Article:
By Elizabeth Stamp
July 12, 2016
Take a behind-the-scenes tour of the summer’s most talked-about movie
More than 30 years after Dan Aykroyd, Harold Ramis, Bill Murray, and Ernie Hudson stepped onto the screen as the Ghostbusters, the franchise has been revived and refreshed in time for summer blockbuster season. Helmed by director Paul Feig, who cowrote the movie with Katie Dippold, the reboot follows four new Ghostbusters (Kristen Wiig, Melissa McCarthy, Kate McKinnon, and Leslie Jones) as they save New York from a supernatural threat created by villain Rowan North (Neil Casey). Production designer Jefferson Sage, who has teamed with Feig on Bridesmaids, Spy, and The Heat, faced the monumental task of visualizing and realizing not only the something strange but also the neighborhood.
Production took place in Boston, with a few select filming locations and exteriors in New York. “We were lucky that in many ways Boston is architecturally like New York,” says Sage, who needed to find or create around 65 sets for the film. Three critical locations were the labs the Ghostbusters use throughout the movie, starting with the Higgins Institute of Science, where Abby (McCarthy) and Holtzmann (McKinnon) conduct their research. “We knew we were going to have several different labs that the Ghostbusters move between,” says Sage. “The arc of those places, the home bases, was important from the beginning.”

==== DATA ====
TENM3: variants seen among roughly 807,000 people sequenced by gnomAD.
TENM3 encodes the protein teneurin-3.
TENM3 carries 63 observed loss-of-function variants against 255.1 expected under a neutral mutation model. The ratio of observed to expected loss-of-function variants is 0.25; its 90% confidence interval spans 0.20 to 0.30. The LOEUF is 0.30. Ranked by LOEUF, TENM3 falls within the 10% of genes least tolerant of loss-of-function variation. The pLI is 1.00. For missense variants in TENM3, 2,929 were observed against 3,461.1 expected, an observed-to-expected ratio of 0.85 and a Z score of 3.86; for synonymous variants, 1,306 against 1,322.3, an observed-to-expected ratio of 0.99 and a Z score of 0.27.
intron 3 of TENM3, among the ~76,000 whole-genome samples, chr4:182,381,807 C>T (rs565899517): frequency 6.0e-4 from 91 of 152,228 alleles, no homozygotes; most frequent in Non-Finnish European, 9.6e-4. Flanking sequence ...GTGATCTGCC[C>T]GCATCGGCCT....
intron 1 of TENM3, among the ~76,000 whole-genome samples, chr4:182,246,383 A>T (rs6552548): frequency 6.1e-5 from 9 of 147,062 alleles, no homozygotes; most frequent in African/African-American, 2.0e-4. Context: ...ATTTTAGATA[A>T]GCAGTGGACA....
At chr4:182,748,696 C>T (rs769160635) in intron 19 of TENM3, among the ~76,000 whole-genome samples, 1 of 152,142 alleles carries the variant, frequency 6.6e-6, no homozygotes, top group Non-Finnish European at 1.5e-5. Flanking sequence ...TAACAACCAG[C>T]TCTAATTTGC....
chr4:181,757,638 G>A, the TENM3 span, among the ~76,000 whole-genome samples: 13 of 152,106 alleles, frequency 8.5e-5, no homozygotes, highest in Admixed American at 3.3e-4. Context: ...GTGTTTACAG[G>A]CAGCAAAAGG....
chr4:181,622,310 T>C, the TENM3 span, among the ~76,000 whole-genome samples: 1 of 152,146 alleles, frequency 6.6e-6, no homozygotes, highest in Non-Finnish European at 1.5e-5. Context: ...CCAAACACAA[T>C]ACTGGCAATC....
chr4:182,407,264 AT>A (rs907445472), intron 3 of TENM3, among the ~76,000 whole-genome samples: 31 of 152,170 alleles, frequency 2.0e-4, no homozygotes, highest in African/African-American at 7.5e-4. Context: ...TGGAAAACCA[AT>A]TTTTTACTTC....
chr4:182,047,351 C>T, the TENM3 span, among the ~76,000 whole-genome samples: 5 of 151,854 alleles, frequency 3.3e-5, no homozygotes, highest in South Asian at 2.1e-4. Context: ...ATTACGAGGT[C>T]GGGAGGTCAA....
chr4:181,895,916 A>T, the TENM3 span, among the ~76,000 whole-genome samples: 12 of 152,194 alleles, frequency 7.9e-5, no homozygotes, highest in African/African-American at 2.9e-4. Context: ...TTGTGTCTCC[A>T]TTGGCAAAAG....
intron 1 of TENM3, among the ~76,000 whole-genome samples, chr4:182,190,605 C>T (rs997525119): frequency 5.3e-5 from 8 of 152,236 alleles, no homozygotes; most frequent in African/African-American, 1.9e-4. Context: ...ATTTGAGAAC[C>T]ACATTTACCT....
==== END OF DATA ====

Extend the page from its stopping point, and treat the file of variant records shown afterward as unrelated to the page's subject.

From the Higgins Institute, they move to a makeshift headquarters above a restaurant in Chinatown. Sage and his team found a building on the edge of Boston’s Chinatown and transformed it by covering windows, painting the exterior, and adding a garage to house their vehicle, the Ecto-1. The banquet room turned lab interior was built on a soundstage and was designed to look improvised. “It gave us an opportunity to have a little fun with what the space used to be and the ridiculous idea that the fate of humanity in New York City hangs on these guys doing this science surrounded by the banquet room’s leftover decor.”
When it came to the weapons and gadgets, Sage wanted everything—including the iconic proton packs—to feel cobbled together and evolve and improve throughout the film. “It gave them a little more cred as scientists and as engineers to do that rather than having them walk in with these full-blown things on their backs,” says Sage. The designer also called on a team of artists to dream up new weaponry that puts a twist on recognizable objects like a wood chipper or a bear trap. From there the visual effects team worked their magic to bring all the elements—both natural and supernatural—together into an eye-catching and entertaining experience.
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